Not All Two Factor is Created Equal
Let me be clear: any type of properly implemented two-factor authentication is much better than offering no solution. That said, there's certainly better solutions that not only secure users more effectively but also help adoption.
Last year, CSI selected Duo Security as their two-factor authentication solution for partner organizations to utilize. CSI is a company that provides a banking platform to over 140 financial institutions. As part of that, they gain the ability to have customers leverage our Duo Push technology which isn't susceptible to the attacks that "in-band" two-factor authentication (SMS, OTP, hardware tokens) is. Out-of-band two-factor authentication has really allowed 2FA to reach a whole new level of security for consumers.
Technology such as Duo Push allows consumers to use their existing smart phones with a simple (but powerful) application to provide better authentication security. Because the enrollment process is self service, people can enroll without having to call any support hotline or making involved purchases for hardware tokens. Lastly, this technology also provides a built-in method to report fraud which can help financial organizations spot a targeted attack more easily.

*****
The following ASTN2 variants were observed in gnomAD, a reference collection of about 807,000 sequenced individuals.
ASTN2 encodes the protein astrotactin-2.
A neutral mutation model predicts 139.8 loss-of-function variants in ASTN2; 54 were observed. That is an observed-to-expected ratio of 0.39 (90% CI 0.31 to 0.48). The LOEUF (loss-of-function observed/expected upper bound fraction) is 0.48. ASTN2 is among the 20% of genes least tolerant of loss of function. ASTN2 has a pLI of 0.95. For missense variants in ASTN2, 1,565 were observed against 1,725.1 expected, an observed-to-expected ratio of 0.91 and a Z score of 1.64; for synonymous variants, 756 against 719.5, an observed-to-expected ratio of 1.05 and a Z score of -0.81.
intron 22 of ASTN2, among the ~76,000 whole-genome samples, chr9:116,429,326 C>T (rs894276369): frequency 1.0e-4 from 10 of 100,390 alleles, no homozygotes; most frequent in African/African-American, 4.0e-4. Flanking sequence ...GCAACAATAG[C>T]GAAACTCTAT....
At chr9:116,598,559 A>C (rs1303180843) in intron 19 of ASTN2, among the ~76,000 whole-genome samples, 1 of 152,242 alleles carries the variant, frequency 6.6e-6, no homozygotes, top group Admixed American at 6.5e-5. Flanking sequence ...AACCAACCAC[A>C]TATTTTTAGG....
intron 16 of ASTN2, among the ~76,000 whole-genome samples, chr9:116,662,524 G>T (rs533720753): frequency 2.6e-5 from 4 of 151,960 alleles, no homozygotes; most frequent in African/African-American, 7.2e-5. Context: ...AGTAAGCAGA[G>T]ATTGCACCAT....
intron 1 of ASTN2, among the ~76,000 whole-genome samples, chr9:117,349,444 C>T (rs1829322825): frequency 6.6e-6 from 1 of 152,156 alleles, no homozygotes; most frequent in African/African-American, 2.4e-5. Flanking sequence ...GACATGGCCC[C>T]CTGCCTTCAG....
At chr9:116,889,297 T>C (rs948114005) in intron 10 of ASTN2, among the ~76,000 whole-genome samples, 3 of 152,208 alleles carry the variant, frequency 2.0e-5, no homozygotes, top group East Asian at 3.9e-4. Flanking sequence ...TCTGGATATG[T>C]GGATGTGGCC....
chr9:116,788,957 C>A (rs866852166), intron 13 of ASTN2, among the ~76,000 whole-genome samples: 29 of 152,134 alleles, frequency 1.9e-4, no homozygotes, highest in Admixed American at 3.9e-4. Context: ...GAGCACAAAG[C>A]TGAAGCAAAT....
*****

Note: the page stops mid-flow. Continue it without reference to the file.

When in Doubt -- Verify!
In a follow-up blog post about Ron's piece, Michael Horowitz wrote:
Two factor authentication does not protect a computer infected with malware.
Michael's point here is that once a machine has been compromised, protecting the authentication process becomes moot because the attacker is already inside your browser. This is a salient point and often one that makes people nervous. There's a missing point from his article, however, which is that a proper authentication platform should also be capable of what's known as transaction verification.
With transaction verification, you effectively make a user authenticate the action they are taking. Consider a financial transaction where a user wants to transfer $10,000 to another person's account. If this is a criminal who has control of your machine, two-factor authentication has been hindered in its purpose. By requiring an out-of-band transaction verification (still using Duo Push) to be accepted by the account owner, even a clever attacker can be thwarted from stealing funds from an account.
Not Everyone Has Green Fields
It's easy to become jaded by a lack of ease and availability for two-factor authentication with financial organizations. Keep in mind that many of the companies that you can utilize 2FA with are newer and don't have the the regulation or technical debt of a large financial firm. The good news is that the growth of two factor adoption is quickly on the rise across sectors and organizations are making it more available and easier to use than ever. Be vocal about security to your financial institutions and use their features when available to show that customers do care.
As phishing seems to only be increasing and attackers are using malware more than ever to get a leg up on consumers, it's worth considering taking advantage of 2FA where able and try and encourage those around you to do the same. It's a constant battle online for security so don't be an easy target!